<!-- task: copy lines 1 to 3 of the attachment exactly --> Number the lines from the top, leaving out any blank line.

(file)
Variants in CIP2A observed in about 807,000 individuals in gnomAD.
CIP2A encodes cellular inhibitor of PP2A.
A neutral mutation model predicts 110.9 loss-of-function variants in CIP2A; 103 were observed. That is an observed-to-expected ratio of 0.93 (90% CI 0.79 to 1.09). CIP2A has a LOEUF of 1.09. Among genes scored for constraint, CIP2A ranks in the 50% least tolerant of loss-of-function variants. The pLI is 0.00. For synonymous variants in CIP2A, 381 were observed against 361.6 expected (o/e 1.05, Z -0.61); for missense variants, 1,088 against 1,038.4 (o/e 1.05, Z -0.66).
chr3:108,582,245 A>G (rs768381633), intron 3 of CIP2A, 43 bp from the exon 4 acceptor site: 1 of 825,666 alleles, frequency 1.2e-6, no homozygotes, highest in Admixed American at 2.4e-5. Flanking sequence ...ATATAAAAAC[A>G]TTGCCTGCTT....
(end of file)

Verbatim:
Variants in CIP2A observed in about 807,000 individuals in gnomAD.
CIP2A encodes cellular inhibitor of PP2A.
A neutral mutation model predicts 110.9 loss-of-function variants in CIP2A; 103 were observed. That is an observed-to-expected ratio of 0.93 (90% CI 0.79 to 1.09). CIP2A has a LOEUF of 1.09. Among genes scored for constraint, CIP2A ranks in the 50% least tolerant of loss-of-function variants. The pLI is 0.00. For synonymous variants in CIP2A, 381 were observed against 361.6 expected (o/e 1.05, Z -0.61); for missense variants, 1,088 against 1,038.4 (o/e 1.05, Z -0.66).